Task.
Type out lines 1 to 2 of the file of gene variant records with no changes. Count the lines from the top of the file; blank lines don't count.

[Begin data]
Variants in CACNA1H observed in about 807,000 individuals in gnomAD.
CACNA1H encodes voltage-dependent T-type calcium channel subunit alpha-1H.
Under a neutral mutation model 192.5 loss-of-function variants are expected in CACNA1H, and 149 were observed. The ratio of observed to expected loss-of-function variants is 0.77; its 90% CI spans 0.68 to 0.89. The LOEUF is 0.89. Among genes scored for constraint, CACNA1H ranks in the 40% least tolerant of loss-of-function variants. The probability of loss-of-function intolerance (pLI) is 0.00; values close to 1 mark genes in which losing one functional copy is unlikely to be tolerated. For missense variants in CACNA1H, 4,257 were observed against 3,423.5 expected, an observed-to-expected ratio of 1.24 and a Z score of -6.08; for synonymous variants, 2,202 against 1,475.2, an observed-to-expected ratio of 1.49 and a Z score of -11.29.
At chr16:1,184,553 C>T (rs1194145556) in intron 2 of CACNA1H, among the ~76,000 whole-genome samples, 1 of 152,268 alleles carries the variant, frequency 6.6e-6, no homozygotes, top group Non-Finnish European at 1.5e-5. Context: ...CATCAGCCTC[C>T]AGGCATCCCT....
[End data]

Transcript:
Variants in CACNA1H observed in about 807,000 individuals in gnomAD.
CACNA1H encodes voltage-dependent T-type calcium channel subunit alpha-1H.